Rumsfeld Fosters Ties With Tunisia

U.S. Defense Secretary Donald H. Rumsfeld, center, views ancient artifacts at the museum in Carthage, Tunisia. His trip was also to include stops in Algeria and Morocco.
U.S. Defense Secretary Donald H. Rumsfeld, center, views ancient artifacts at the museum in Carthage, Tunisia. His trip was also to include stops in Algeria and Morocco. (By Haraz N. Ghanbari -- Getty Images)

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Reuters
Sunday, February 12, 2006

TUNIS, Feb. 11 -- Defense Secretary Donald H. Rumsfeld said on Saturday that the United States wants to strengthen military ties with Tunisia, Algeria and Morocco and played down the threat posed by al Qaeda in the three North African states.

Rumsfeld arrived in Tunis after a NATO meeting in Sicily to begin a three-day visit to the Mahgreb -- his first to the region as defense secretary -- and praised Tunisia's support in the U.S. campaign against global terrorism.

"They have been attacked by terrorists in this country," Rumsfeld told reporters at the ruins of the ancient city of Carthage, adding, "They have felt the sting of that type of violence."

Tunisia blamed al Qaeda for a suicide bombing in 2002 at its main Jewish shrine that killed 14 people, most of them German tourists.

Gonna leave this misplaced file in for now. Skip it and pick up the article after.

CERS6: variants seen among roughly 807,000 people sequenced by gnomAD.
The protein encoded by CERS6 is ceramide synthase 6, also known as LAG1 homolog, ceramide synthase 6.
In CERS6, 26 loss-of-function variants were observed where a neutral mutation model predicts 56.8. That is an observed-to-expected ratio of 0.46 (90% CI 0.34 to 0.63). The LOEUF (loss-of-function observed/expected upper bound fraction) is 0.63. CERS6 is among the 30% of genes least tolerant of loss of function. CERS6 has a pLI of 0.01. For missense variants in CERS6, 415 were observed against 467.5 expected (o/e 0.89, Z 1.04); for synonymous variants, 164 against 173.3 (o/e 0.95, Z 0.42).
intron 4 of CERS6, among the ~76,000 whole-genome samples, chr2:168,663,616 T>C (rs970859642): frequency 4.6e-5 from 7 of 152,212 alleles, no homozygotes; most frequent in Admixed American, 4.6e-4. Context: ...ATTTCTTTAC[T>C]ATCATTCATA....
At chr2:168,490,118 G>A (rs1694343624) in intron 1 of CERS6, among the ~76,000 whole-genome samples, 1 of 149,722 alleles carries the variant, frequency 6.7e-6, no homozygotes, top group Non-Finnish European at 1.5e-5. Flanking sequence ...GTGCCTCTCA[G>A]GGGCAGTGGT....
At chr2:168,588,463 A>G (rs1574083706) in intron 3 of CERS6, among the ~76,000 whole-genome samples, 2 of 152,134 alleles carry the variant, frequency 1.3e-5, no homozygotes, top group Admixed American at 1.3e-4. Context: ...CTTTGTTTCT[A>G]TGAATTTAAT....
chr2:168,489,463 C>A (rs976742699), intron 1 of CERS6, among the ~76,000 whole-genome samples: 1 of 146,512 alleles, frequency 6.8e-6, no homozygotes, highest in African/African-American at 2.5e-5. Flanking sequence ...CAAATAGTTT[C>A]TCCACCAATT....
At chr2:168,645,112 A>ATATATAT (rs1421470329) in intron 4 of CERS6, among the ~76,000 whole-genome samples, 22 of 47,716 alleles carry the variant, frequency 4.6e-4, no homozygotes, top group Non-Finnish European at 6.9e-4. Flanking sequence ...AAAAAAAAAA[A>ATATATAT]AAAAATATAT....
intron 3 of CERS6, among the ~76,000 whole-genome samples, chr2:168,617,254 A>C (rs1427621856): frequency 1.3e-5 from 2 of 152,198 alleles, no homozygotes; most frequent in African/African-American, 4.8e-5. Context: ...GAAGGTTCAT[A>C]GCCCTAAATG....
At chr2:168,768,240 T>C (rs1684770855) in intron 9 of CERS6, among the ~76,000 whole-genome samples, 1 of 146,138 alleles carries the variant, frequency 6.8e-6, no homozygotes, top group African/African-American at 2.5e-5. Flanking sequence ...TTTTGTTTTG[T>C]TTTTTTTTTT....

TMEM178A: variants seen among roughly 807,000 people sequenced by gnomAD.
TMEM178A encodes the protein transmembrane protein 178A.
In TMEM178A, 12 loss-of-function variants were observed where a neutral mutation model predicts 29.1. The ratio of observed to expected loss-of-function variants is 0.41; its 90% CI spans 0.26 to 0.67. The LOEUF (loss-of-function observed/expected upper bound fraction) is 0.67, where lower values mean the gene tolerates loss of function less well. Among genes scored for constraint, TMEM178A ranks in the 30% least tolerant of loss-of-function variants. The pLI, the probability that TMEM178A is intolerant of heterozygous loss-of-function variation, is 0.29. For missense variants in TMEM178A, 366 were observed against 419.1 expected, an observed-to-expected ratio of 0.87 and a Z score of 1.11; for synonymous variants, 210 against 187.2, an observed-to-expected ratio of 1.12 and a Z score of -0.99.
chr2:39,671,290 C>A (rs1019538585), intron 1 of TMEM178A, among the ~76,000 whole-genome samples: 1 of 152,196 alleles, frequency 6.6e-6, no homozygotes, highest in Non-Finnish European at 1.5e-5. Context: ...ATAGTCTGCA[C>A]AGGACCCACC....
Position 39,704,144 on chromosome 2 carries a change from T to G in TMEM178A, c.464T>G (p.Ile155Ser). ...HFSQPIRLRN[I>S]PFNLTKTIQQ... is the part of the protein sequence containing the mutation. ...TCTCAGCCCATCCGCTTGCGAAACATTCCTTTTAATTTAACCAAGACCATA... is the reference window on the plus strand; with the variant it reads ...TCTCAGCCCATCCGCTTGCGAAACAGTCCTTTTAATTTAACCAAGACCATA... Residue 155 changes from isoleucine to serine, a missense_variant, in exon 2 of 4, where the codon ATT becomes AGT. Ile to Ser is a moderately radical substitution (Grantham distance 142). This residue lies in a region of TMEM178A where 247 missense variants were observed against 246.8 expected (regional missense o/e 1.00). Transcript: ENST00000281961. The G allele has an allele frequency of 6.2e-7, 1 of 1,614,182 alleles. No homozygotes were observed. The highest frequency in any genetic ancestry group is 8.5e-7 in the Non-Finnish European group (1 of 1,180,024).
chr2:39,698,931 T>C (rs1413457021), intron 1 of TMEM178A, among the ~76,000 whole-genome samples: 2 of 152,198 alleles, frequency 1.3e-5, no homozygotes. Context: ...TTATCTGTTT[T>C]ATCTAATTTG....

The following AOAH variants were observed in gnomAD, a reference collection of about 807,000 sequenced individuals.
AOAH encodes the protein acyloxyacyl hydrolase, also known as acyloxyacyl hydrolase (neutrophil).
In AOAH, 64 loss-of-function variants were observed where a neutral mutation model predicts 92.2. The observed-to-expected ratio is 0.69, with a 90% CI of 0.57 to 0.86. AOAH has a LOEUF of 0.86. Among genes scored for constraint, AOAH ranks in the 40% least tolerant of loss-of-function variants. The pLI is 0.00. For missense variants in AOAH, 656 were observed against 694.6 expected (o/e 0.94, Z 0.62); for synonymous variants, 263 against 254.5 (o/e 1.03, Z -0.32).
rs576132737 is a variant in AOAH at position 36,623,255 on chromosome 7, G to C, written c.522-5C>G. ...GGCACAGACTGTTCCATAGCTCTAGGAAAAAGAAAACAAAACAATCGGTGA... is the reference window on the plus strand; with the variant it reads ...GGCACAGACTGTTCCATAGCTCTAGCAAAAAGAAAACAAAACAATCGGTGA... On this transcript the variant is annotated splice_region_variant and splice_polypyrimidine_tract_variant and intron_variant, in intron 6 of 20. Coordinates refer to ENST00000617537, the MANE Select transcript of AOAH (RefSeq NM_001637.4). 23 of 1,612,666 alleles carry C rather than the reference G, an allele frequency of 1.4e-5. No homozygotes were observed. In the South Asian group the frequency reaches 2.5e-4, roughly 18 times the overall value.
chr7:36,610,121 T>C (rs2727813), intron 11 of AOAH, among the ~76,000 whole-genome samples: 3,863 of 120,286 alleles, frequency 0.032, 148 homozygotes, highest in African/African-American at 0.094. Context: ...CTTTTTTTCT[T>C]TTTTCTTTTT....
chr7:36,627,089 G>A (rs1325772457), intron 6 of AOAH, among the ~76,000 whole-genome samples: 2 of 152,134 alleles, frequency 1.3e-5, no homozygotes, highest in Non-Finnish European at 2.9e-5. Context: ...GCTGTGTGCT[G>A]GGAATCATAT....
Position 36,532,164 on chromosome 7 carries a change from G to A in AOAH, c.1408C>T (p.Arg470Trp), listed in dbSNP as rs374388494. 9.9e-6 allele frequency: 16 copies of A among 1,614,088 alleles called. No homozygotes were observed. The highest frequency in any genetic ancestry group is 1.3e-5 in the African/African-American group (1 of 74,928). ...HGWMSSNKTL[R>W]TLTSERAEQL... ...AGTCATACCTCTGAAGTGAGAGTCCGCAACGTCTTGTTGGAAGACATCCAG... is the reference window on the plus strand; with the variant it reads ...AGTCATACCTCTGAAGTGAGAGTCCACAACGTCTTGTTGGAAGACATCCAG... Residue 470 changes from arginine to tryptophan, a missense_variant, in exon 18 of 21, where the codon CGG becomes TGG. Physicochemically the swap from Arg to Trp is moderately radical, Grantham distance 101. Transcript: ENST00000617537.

Rumsfeld said that after visiting Tunisia he would travel to Algeria and Morocco. The United States has long-standing military ties with Tunisia and Morocco and recently began such relations with Algeria.

"We are continuing to participate with each one of these three countries in one way or another on a military-to-military relationship. And it's something that we value and want to strengthen," Rumsfeld said earlier in the day.

Rumsfeld said the three nations had been "constructive partners" in the campaign against global terrorism and would not be fertile soil for groups such as al Qaeda to use to put down roots.

"There are certainly places in the world that are attractive for terrorists and terrorist networks. They tend not to be countries like these three," he said. "They tend to be areas that have large ungoverned spaces where the governments attitudinally are more tolerant towards extremism. And that would not be the case in any one of these three nations."

Rumsfeld said he would discuss counterterrorism with the countries' leaders, among other topics.

Rumsfeld met Tunisia's president, Zine Abidine Ben Ali, as well as Defense Minister Kamel Morjane. He said they talked about Iran's nuclear ambitions and Tunisian political reforms, among other topics, but he offered no details.

Security sources and analysts in the region said Tunisia, as well as Morocco and Algeria, are concerned about efforts by al Qaeda to build support in the region for its campaign against the United States and other Western countries.

Intelligence sources in the region said al Qaeda had recruited scores of young men in North Africa and helped them enter Iraq to join the insurgency there, where some of them have died in suicide bombings.

"As with Egypt, we're nudging Tunisia to be creative and reform-minded, and it's delicate," said a senior U.S. defense official traveling with Rumsfeld. The official spoke on condition of anonymity.


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